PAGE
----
My preference would be to retain its primary role as a field watch with a military feel.

It has a simple dial, red accents and a handy date window that shows three dates. It’s conservative and functional. At 9mm it is also reasonably thin, so will be fine with shirt cuffs if you wear the same watch for work and play.

Momentum Flatline 1M-SP18BS0

  • 42mm Diameter
  • 9mm Thick
  • 22mm Lug Width
  • Stainless Steel
  • Japanese Quartz Movement
  • Sapphire Crystal
  • 100M Water Resistance


Invicta Pro Diver Watch


Invicta - it’s Latin for invincible - is an American company with a large range of both quartz and mechanical watches. They’re usually powered by Japanese movements, although on occasion, they’ll use Swiss made.

The company is now American owned.

But Invicta can trace its roots to Switzerland during the late 1880s. Its corporate headquarters are in Switzerland along with its customer service centre and its current president, who is a third-generation watchmaker, is Swiss.

The company's products are based largely around a stable of divers watches. They are functional sports watches with features you would expect. Decent water resistance, rotating bezels, screw-down crowns and the like.

The brand is renowned for high spec watches at an affordable price, and this Pro Diver is no exception.

At 47mm it’s a bit of a monster. It’s also 16mm thick. With the Seiko automatic movement that makes for a substantial watch - it’s large enough for size to be a dealbreaker.

If the size doesn’t put you off then you can expect a lot of watch for your money. As well as the reliable automatic movement there is also a sapphire crystal and 200M of water resistance. All for a little over £100.

The watch itself is bold, with a quirky asymmetrical case and nice colour palette. There’s also a cyclops lens over the date window which is a nice touch.

If you like heavy-duty watches, take a closer look at the Invicta.

Invicta Pro Diver 30412

  • 47mm Diameter
  • 16mm Thick
  • 24mm Lug Width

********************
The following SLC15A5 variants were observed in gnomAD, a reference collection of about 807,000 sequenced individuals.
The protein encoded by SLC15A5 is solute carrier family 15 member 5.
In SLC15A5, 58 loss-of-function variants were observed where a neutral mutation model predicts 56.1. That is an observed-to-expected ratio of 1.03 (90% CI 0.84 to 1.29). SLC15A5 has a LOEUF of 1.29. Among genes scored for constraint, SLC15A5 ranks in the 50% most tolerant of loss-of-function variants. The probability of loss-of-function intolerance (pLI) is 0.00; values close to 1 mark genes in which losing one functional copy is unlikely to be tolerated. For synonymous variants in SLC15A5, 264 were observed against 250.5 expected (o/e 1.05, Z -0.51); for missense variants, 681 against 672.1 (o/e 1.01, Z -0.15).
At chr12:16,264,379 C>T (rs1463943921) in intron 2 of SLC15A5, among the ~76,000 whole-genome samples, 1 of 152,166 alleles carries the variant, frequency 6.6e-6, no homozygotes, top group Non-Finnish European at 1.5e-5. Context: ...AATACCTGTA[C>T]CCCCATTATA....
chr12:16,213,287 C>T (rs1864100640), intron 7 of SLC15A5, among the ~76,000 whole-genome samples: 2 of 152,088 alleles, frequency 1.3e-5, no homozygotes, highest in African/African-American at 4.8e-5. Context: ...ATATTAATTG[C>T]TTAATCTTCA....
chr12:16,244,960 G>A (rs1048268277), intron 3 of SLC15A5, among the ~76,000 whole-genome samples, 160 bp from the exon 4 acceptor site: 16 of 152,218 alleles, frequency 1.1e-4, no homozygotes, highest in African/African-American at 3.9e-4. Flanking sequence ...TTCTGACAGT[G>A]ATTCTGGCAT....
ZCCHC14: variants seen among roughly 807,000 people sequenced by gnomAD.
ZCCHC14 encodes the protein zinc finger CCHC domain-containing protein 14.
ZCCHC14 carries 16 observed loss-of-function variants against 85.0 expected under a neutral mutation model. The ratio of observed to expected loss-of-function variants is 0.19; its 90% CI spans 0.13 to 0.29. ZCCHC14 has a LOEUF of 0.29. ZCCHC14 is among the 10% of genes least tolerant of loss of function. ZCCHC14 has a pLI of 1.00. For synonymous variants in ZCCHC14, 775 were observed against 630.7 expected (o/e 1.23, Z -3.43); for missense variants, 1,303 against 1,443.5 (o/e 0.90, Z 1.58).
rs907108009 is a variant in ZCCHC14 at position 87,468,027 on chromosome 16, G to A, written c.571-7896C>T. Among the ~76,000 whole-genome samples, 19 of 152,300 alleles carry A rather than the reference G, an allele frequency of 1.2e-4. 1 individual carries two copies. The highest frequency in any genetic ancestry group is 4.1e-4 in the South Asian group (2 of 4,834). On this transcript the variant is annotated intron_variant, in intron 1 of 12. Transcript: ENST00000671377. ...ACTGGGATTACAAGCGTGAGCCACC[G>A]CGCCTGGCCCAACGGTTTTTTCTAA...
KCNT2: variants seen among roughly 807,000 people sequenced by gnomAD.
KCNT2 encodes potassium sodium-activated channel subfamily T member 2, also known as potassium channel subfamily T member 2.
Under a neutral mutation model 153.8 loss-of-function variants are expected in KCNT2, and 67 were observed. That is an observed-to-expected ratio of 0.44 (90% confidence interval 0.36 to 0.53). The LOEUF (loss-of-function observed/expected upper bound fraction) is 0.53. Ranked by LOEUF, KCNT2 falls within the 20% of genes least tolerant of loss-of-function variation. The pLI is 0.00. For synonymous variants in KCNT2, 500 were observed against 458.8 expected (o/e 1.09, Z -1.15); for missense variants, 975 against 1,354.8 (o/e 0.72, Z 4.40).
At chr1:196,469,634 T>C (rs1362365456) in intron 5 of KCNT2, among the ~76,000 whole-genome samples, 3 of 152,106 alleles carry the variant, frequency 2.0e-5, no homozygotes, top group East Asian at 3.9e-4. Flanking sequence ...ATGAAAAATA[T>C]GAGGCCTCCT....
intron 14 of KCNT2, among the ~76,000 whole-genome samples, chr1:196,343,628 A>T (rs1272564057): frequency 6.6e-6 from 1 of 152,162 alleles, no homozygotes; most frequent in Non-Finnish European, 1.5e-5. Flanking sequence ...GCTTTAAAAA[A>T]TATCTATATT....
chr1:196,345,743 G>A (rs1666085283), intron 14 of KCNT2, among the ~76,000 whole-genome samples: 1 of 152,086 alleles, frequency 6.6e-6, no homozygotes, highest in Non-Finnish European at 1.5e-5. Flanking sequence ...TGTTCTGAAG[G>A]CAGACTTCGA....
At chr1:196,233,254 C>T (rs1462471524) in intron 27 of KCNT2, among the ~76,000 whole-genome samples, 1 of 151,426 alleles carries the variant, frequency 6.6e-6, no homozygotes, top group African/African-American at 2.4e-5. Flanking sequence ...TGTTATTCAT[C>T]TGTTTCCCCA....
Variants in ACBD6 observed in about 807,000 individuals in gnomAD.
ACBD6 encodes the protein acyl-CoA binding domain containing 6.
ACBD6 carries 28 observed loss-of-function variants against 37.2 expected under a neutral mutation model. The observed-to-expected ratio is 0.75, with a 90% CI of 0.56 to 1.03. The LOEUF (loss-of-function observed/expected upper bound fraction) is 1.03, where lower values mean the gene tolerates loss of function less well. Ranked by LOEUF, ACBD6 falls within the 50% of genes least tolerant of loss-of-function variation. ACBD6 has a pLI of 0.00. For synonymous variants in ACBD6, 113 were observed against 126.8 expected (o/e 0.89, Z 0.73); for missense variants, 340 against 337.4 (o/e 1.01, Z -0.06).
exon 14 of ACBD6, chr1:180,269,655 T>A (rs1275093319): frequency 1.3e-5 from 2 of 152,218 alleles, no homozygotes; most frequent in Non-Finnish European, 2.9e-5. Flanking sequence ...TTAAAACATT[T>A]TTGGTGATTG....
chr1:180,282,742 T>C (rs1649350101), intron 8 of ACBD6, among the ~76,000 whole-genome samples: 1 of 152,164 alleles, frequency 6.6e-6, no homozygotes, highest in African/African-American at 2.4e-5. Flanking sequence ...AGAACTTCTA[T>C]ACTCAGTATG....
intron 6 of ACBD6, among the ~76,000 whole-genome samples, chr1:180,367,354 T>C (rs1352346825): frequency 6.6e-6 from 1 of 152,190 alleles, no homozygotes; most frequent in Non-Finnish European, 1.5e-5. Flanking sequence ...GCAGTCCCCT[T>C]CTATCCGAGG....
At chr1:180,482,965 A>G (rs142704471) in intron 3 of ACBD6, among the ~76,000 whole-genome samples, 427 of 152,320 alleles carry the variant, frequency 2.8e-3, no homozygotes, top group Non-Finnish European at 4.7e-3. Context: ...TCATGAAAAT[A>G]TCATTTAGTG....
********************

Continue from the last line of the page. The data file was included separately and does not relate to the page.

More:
• Stainless Steel
  • Automatic Movement
  • Sapphire Crystal
  • 200M Water Resistance

Bertucci Gamekeeper Watch


Bertucci burst onto the watch scene with the 2004 release of the A-2T, their bestselling titanium field watch. From there the company released a series of similar styles, all sharing key attributes, including a 4 o’clock crown.

The guiding principle for Bertucci was to make a watch for a customer who only wanted one watch.

In the company’s literature, they state that this one watch “would need to possess the qualities of durability, value, a singularity of purpose, and versatility. Designed to balance form and function, to be equally rugged and refined”.

In practice, this means that there's a consistency to the Bertucci range. This single purpose has, like Momentum, lead to a very strong house style.

Central to this is their signature Unibody case design. It's a comfortable case with fixed strap bars designed with durability in mind. The strap pins can't be knocked loose as they are part of the case. As noted, the crown is placed at 4 for comfort and to avoid damage.

The Gamekeeper is fairly typical of a Bertucci watch. It has their Polycarbonate case, water-resistance and plenty of lume. It’s designed to be worn outdoors. They emphasise that the lume doesn’t need a button pressed, presumably a dig at rivals Timex.

In keeping with this ethos, the American made strap is a one-piece leather Nato style. Importantly, it is waterproof, abrasion-resistant and has had a non-reflective surface treatment.

It bears repeating. This is a watch built to excel in the field.

Bertucci Gamekeeper 13382

  • 40mm Diameter
  • 22mm Lug Width
  • Polycarbonate Case
  • Quartz Movement
  • Mineral Crystal
  • 100M Water Resistance

Fossil Aeroflite Watch


Fossil is another young company, this time founded in the mid-1980s.